It is advantageous for you to understand the fundamentals of news. Highly coordinated press efforts can lend credibility to your practice, provide educational messages, and are a demonstration of good will. In addition, a practice’s willingness to understand press requirements and meet deadlines is highly desirable for the press and patients alike. Traditionally, the three types of reports that are considered newsworthy are, as follows:
Trade and financial reports—Focus on a specific aesthetic surgery outlook, focal point, or strategy. These types of stories may involve key opinion leaders, new practices, and/or physicians.
Human interest reports—Their focus is on human interest in a specific demographic segment, such as patients who have made a significant improvement in their body’s appearance because of their physician and due to a product or technology. These stories may involve one or more physicians, several patients, and, perhaps, a third-party representative or key opinion leader.
Specialty-specific reports—Relevant trade, specialty, or new products and technologies. These stories may include a physician, a key opinion leader, one or more patients, and, perhaps, a third-party representative.
In theory, the goal of the press is founded upon credibility, is not promotional in nature, and identifies news-worthiness via professionally written materials that quote a variety of credible individuals. In practice, journalists are not trained in medical issues—there is a wholly different discipline for medical reporting. Therefore, in medical matters, reporters must rely on the information provided to them to make their decisions about what qualifies as news and what does not. Some media outlets follow guidelines and protocols that are quite rigid and professional. Some outlets are very lax in this regard.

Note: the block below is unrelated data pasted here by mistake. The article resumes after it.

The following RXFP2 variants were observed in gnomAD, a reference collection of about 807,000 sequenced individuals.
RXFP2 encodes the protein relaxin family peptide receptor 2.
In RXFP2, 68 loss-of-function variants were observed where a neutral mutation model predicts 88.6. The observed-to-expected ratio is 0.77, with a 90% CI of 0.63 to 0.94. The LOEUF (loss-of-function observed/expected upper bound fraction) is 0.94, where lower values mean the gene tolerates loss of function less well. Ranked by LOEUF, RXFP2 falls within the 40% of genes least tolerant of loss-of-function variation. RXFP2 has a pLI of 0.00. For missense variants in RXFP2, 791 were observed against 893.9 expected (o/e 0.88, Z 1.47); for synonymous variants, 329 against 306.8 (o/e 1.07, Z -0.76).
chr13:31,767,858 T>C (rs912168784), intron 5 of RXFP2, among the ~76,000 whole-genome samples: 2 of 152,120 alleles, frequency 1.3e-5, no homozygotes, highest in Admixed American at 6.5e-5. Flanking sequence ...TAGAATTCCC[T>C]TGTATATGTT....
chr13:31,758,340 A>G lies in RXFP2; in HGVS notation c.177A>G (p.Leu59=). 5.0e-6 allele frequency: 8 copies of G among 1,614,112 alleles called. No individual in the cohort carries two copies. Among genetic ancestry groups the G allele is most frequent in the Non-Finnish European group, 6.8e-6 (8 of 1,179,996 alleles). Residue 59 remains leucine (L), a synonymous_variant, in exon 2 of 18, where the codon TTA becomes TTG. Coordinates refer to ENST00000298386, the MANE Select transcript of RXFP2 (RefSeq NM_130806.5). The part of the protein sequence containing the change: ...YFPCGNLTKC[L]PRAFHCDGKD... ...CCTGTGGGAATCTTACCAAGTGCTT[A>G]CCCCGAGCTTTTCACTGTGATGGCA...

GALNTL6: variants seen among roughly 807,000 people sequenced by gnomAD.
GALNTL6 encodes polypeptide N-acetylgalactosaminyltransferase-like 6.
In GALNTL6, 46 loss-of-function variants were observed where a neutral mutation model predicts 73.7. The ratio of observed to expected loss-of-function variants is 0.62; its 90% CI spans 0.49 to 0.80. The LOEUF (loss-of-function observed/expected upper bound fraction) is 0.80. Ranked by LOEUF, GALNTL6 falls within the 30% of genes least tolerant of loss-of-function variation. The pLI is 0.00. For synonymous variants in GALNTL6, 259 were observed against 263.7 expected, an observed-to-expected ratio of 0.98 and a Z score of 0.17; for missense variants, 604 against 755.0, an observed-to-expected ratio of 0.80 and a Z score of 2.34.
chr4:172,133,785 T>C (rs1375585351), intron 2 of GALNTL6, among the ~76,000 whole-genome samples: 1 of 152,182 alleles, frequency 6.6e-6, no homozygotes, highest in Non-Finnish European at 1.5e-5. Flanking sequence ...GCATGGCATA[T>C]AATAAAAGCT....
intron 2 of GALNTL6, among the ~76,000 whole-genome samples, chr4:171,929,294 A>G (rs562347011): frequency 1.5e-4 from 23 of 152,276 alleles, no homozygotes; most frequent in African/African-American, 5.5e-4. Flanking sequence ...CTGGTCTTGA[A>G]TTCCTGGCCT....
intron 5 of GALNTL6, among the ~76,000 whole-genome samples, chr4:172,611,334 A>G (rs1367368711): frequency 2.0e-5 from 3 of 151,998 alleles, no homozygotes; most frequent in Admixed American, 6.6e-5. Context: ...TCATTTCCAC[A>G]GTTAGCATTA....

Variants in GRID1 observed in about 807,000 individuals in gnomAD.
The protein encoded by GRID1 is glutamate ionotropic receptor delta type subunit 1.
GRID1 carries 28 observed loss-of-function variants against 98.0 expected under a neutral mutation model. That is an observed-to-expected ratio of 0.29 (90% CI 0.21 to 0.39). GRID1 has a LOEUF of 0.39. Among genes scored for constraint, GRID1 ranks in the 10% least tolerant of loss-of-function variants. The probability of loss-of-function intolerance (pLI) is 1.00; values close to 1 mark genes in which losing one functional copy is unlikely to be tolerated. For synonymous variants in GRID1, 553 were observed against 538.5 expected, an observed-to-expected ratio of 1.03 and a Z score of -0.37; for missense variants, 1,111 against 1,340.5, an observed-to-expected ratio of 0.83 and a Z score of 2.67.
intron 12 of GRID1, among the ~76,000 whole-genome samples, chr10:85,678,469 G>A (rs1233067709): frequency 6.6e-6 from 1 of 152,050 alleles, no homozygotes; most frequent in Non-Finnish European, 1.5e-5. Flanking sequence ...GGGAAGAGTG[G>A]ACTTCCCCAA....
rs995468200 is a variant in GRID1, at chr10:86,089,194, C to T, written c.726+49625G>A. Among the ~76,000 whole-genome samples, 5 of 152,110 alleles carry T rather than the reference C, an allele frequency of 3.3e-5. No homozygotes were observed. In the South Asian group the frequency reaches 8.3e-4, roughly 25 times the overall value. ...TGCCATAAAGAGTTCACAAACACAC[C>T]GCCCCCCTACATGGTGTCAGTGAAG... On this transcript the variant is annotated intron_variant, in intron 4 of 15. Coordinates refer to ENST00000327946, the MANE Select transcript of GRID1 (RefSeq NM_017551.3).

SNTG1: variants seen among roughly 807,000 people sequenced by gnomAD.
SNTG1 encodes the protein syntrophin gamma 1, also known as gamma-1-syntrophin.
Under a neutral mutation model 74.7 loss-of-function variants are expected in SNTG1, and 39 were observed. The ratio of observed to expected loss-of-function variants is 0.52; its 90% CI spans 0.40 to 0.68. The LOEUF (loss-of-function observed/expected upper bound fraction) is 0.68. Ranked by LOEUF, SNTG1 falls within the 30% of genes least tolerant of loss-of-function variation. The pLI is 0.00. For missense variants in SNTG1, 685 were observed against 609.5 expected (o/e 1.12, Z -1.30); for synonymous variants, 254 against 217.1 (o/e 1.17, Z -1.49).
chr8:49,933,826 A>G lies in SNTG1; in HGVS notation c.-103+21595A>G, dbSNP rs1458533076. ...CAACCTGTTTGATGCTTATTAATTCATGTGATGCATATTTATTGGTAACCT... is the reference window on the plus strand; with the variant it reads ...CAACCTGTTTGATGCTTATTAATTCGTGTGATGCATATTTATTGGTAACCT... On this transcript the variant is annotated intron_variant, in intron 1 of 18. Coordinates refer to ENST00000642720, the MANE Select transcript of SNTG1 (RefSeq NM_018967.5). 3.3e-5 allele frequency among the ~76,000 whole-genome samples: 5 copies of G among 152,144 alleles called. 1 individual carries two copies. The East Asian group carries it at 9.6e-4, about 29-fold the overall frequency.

Prepared materials, such as physician biographies, scripts, statistics, before-and-after photos, patient testimonials, and third-party support (in the form of quotes located in the material), are very appealing. These tools help people quickly determine credibility to support your point of view.In fact, you will benefit from knowing how the press and the public like to receive information (in the form of press releases, letters to the editor, letters of endorsement, and opinion editorial articles).
Preparing press materials can be useful to help educate patients, manage expectations, and help the media offer well-rounded information to the public—as long as these materials are not promotional pieces.
Some physicians need to know to shy away from presenting promotional, “fluff” information about procedures during consultations. When communicating with patients, the following tips may be helpful: